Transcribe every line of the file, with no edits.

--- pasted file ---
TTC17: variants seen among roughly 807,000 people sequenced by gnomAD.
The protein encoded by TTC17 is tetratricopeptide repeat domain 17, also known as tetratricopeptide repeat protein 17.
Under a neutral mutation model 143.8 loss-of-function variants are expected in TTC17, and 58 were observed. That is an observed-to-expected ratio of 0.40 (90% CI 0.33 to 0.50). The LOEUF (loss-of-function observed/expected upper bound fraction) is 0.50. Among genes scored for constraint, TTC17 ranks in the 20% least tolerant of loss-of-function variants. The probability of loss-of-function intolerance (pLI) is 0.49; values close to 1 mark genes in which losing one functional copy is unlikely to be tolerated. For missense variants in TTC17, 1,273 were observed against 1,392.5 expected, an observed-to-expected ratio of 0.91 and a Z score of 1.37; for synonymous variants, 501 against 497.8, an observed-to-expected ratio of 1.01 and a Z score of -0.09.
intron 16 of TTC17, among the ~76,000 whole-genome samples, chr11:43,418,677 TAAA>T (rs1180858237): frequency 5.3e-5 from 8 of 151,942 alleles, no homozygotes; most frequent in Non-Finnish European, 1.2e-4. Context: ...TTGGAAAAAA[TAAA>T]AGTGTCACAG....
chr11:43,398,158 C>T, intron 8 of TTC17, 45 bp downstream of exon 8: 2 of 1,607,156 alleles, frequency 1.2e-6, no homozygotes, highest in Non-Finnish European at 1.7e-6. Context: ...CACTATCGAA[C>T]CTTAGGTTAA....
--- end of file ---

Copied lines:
TTC17: variants seen among roughly 807,000 people sequenced by gnomAD.
The protein encoded by TTC17 is tetratricopeptide repeat domain 17, also known as tetratricopeptide repeat protein 17.
Under a neutral mutation model 143.8 loss-of-function variants are expected in TTC17, and 58 were observed. That is an observed-to-expected ratio of 0.40 (90% CI 0.33 to 0.50). The LOEUF (loss-of-function observed/expected upper bound fraction) is 0.50. Among genes scored for constraint, TTC17 ranks in the 20% least tolerant of loss-of-function variants. The probability of loss-of-function intolerance (pLI) is 0.49; values close to 1 mark genes in which losing one functional copy is unlikely to be tolerated. For missense variants in TTC17, 1,273 were observed against 1,392.5 expected, an observed-to-expected ratio of 0.91 and a Z score of 1.37; for synonymous variants, 501 against 497.8, an observed-to-expected ratio of 1.01 and a Z score of -0.09.
intron 16 of TTC17, among the ~76,000 whole-genome samples, chr11:43,418,677 TAAA>T (rs1180858237): frequency 5.3e-5 from 8 of 151,942 alleles, no homozygotes; most frequent in Non-Finnish European, 1.2e-4. Context: ...TTGGAAAAAA[TAAA>T]AGTGTCACAG....
chr11:43,398,158 C>T, intron 8 of TTC17, 45 bp downstream of exon 8: 2 of 1,607,156 alleles, frequency 1.2e-6, no homozygotes, highest in Non-Finnish European at 1.7e-6. Context: ...CACTATCGAA[C>T]CTTAGGTTAA....